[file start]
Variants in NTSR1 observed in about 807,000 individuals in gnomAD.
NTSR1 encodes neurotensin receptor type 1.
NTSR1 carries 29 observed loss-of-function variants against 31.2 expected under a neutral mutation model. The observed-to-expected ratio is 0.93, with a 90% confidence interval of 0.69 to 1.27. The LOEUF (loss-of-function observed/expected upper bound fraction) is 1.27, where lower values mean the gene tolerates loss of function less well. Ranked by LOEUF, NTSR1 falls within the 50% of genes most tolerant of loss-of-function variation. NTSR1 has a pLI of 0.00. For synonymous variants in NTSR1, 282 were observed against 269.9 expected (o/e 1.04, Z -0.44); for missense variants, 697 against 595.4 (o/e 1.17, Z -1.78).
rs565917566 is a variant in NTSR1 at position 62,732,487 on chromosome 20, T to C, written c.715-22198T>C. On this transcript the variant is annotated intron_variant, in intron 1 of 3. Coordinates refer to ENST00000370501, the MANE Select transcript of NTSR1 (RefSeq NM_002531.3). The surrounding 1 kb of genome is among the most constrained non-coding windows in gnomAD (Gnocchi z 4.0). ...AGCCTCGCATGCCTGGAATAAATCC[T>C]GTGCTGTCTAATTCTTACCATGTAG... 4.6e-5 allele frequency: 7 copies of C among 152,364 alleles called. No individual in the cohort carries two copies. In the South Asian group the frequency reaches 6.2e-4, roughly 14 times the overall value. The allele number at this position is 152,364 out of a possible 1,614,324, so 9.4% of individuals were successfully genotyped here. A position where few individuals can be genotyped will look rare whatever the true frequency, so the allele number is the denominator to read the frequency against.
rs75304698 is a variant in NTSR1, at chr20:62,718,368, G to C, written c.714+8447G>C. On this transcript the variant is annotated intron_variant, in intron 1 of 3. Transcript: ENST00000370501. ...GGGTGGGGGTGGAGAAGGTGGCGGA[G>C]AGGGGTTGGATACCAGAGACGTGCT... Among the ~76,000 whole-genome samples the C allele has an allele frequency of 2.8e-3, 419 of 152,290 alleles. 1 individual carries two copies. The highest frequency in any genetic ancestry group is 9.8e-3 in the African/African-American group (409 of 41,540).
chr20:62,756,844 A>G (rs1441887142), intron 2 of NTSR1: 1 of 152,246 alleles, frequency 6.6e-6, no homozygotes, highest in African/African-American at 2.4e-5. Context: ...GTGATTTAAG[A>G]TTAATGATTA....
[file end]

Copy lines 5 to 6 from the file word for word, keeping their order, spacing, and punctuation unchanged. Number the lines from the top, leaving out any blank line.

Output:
rs75304698 is a variant in NTSR1, at chr20:62,718,368, G to C, written c.714+8447G>C. On this transcript the variant is annotated intron_variant, in intron 1 of 3. Transcript: ENST00000370501. ...GGGTGGGGGTGGAGAAGGTGGCGGA[G>C]AGGGGTTGGATACCAGAGACGTGCT... Among the ~76,000 whole-genome samples the C allele has an allele frequency of 2.8e-3, 419 of 152,290 alleles. 1 individual carries two copies. The highest frequency in any genetic ancestry group is 9.8e-3 in the African/African-American group (409 of 41,540).
chr20:62,756,844 A>G (rs1441887142), intron 2 of NTSR1: 1 of 152,246 alleles, frequency 6.6e-6, no homozygotes, highest in African/African-American at 2.4e-5. Context: ...GTGATTTAAG[A>G]TTAATGATTA....